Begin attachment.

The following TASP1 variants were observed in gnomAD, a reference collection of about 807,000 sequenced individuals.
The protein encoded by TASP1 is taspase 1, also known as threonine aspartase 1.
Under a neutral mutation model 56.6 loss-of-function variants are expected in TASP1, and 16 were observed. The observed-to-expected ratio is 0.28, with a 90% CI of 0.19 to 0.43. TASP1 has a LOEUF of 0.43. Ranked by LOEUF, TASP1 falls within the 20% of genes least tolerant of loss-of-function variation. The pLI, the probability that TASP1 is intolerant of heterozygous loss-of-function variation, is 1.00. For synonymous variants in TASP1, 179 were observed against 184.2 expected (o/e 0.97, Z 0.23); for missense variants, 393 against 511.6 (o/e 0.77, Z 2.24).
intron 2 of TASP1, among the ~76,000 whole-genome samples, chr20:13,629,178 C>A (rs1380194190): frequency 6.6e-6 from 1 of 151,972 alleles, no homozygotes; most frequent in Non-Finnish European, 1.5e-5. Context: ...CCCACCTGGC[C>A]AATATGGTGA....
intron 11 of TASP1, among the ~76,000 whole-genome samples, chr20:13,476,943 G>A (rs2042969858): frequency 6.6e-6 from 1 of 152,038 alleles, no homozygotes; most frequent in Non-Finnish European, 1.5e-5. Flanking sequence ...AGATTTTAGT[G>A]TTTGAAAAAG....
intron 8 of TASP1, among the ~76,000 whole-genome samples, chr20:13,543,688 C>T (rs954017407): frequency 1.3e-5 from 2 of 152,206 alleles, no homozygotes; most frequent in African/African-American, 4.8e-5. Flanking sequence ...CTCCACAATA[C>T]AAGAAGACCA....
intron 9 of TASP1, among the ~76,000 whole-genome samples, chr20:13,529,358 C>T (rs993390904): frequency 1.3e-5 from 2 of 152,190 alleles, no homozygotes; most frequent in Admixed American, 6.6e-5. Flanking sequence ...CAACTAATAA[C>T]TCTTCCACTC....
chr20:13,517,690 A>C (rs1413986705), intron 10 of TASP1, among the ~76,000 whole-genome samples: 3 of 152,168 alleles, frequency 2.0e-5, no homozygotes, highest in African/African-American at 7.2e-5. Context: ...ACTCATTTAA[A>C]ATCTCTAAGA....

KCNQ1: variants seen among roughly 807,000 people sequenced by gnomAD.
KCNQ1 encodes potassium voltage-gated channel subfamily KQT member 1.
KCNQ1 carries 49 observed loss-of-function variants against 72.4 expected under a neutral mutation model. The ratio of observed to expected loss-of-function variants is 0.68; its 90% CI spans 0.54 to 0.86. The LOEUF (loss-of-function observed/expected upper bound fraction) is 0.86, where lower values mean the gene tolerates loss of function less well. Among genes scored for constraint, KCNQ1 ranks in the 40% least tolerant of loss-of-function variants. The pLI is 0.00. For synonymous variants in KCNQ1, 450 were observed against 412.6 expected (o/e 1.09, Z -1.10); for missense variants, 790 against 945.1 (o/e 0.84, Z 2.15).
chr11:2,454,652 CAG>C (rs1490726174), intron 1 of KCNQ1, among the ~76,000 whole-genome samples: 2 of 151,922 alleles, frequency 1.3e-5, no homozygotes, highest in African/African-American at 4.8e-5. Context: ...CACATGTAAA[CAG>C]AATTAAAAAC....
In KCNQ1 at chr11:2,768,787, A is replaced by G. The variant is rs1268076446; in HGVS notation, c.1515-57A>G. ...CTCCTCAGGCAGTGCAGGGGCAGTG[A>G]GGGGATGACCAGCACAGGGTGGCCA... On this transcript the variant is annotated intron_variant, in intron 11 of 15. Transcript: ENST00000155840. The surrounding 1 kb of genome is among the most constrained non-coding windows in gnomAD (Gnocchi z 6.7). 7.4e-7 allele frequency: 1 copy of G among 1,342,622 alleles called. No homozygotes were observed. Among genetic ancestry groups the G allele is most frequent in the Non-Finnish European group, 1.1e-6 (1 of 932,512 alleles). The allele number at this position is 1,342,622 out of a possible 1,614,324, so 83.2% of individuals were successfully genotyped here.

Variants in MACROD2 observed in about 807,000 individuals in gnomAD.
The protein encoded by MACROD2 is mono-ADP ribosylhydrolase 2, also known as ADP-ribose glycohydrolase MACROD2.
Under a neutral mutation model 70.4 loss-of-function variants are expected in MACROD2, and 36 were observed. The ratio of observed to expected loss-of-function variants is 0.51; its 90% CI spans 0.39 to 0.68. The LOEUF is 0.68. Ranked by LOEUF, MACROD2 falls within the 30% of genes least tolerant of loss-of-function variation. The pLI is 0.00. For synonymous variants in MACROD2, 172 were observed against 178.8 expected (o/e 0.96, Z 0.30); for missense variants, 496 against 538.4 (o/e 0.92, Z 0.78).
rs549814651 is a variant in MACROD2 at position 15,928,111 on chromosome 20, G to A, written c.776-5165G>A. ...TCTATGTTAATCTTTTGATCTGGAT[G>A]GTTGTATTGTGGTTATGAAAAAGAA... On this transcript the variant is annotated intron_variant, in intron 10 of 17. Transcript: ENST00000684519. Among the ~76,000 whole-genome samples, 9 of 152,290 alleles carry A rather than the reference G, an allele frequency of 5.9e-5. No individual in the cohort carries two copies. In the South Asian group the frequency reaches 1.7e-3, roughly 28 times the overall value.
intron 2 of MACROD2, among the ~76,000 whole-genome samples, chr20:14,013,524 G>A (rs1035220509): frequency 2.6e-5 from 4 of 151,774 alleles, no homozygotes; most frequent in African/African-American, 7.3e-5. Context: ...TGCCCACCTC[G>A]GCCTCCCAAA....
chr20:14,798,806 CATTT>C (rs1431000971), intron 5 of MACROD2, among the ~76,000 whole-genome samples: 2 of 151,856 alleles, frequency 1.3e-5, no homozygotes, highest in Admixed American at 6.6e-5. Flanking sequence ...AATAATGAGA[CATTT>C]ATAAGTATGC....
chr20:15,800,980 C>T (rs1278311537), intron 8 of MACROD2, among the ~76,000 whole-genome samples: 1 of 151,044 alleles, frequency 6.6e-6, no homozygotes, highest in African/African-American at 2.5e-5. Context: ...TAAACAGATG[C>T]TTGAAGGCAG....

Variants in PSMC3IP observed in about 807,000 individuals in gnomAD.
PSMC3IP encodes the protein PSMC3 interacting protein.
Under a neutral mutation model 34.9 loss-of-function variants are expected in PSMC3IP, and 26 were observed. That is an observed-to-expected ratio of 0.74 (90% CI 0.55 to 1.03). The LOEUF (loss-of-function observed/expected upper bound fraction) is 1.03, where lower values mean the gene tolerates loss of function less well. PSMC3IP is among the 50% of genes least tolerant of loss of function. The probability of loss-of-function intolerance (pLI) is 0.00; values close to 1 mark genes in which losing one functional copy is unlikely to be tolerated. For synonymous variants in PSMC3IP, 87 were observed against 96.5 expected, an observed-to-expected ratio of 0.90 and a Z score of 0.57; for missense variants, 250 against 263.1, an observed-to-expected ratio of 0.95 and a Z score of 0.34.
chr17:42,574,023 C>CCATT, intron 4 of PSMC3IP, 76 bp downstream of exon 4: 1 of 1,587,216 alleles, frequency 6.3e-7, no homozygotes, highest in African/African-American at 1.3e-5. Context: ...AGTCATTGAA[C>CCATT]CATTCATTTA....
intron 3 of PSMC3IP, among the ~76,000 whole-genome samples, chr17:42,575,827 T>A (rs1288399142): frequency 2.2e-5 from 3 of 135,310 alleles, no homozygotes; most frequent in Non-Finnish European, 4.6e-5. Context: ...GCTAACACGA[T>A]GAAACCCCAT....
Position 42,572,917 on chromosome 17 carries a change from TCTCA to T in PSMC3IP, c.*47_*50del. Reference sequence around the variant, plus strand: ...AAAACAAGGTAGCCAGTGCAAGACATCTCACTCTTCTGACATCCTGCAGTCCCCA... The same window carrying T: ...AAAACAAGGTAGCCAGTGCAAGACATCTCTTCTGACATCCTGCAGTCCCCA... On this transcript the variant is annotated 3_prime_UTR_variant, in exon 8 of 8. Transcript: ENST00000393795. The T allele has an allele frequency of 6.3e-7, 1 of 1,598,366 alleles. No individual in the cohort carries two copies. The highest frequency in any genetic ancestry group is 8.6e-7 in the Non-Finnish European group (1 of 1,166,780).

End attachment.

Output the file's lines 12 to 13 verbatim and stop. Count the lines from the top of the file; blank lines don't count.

chr11:2,454,652 CAG>C (rs1490726174), intron 1 of KCNQ1, among the ~76,000 whole-genome samples: 2 of 151,922 alleles, frequency 1.3e-5, no homozygotes, highest in African/African-American at 4.8e-5. Context: ...CACATGTAAA[CAG>C]AATTAAAAAC....
In KCNQ1 at chr11:2,768,787, A is replaced by G. The variant is rs1268076446; in HGVS notation, c.1515-57A>G. ...CTCCTCAGGCAGTGCAGGGGCAGTG[A>G]GGGGATGACCAGCACAGGGTGGCCA... On this transcript the variant is annotated intron_variant, in intron 11 of 15. Transcript: ENST00000155840. The surrounding 1 kb of genome is among the most constrained non-coding windows in gnomAD (Gnocchi z 6.7). 7.4e-7 allele frequency: 1 copy of G among 1,342,622 alleles called. No homozygotes were observed. Among genetic ancestry groups the G allele is most frequent in the Non-Finnish European group, 1.1e-6 (1 of 932,512 alleles). The allele number at this position is 1,342,622 out of a possible 1,614,324, so 83.2% of individuals were successfully genotyped here.